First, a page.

Most HR pros believe the SHRM certification change was about money

We surveyed HR pros only to find that most believed the certification controversy was motivated by a revenue grab

Most HR pros believe the SHRM certification change was about money
the dust settles from the fallout between the Society of Human Resource Management and the Human Resource Certification Institute, we surveyed  HR professionals industry wide to find out what the general consensus was.
More than three-quarters of HR professionals surveyed online by HRM America agreed that the SHRM-HRCI split was motivated by the former’s desire to increase revenues. Just over one in 10 (13%) thought the move was for the good of the industry, 4% thought it was political, and 5% were unsure.
  • 86% of those with HRCI certifications were satisfied with their existing HRCI certification
  • 50% of those with HRCI certifications intended to continue to be HRCI certified
  • 45% of those surveyed said it was too early to say whether they would take up the new SHRM certification
  • 53% said new competencies in a certification were not important
  • 63% said it has made them view SHRM more negatively
Full survey findings please click here

On our previous story on the topic, we also received various comments from furious readers, including:
This change concerns me greatly. I have held my PHR for over 7 years, and was just recently SPHR certified. This was an expensive and extensive process. Now what? I truly don't want to spend any more money or time on this. Which will be the "preferred" certification? Which will be more widely recognized? This situation has me nervous and frustrated. I look forward to getting more information and clarification. BTW: I have always taken great pride in my certification. It will be interesting to see how this plays out. – Joy Knutson
Disappointing that our professional organization has flubbed up on the basics of "change management" - something Human Resources Professionals should excel at. This will cause confusion among hiring employers, degrade the value of any certification, and create (further) ill-will toward our industry. How can we ever expect that "seat at the table" so many of us have worked so hard for when the organizations that represent us /certify us can't even communicate properly. I am disheartened - and embarrassed. – Sabra Smith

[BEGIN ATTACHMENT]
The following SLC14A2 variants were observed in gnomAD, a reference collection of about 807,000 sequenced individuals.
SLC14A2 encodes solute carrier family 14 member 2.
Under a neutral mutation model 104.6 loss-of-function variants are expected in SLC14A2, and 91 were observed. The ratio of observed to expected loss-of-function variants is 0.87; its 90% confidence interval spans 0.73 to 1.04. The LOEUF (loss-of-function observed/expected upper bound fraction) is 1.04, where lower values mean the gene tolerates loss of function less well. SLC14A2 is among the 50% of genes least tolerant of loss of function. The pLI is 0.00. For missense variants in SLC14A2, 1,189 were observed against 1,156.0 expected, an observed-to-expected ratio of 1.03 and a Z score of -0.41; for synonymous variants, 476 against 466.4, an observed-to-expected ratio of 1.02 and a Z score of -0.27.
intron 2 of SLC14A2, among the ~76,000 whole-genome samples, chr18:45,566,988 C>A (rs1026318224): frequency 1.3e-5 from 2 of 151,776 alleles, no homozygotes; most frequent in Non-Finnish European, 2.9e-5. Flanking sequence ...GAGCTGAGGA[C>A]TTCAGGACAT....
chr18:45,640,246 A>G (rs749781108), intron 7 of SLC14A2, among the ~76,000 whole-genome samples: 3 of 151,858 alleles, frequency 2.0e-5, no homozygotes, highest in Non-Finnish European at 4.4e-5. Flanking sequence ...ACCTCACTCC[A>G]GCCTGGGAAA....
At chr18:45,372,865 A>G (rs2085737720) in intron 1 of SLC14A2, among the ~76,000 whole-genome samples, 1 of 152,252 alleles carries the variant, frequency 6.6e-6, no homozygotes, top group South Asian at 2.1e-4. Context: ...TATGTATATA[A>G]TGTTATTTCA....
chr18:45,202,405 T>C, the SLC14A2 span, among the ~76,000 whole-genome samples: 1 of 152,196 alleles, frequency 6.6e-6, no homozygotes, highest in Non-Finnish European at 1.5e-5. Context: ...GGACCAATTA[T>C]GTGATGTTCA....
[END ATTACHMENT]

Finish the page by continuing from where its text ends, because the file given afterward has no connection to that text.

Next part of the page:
I am disgusted at the way this all went down. I worry this move by SHRM is going to hurt the profession more than help.  I fear a brand new certification will not be recognized right away by employers, who may decide to not even reimburse for it. A new certification system will have its bugs due to the fact these things cannot be developed, tested, and deployed quickly. … I have decided not to attend SHRM 14 and rather follow the announcement on Twitter. SHRM can spin it however they want, but if it quacks like a duck... – Steve

However, there were also some positive observations in the survey. One SHRM member, who was HRCI certified, said, “I think SHRM is committed toward make sure the HR Profession continues to advance. Its unfortunate there is so much controversy and so many negative feelings about this issue. HRCI tests "knowledge" and the new SHRM certification will be testing "behaviors - how well HR Professionals execute the knowledge." Both are important in the advancement of our profession.”

Most of the issues that professionals held with SHRM had to do with the way the changes were announced, with many citing poor communication. One apparent SHRM insider even said their opinion of the organization had changed in a negative way, saying “Those in higher level volunteer positions with SHRM were not even made aware of this change. We have been flooded with questions and have no answers to provide. It seems to be specifically for revenue and membership.”
Full survey comments please click here

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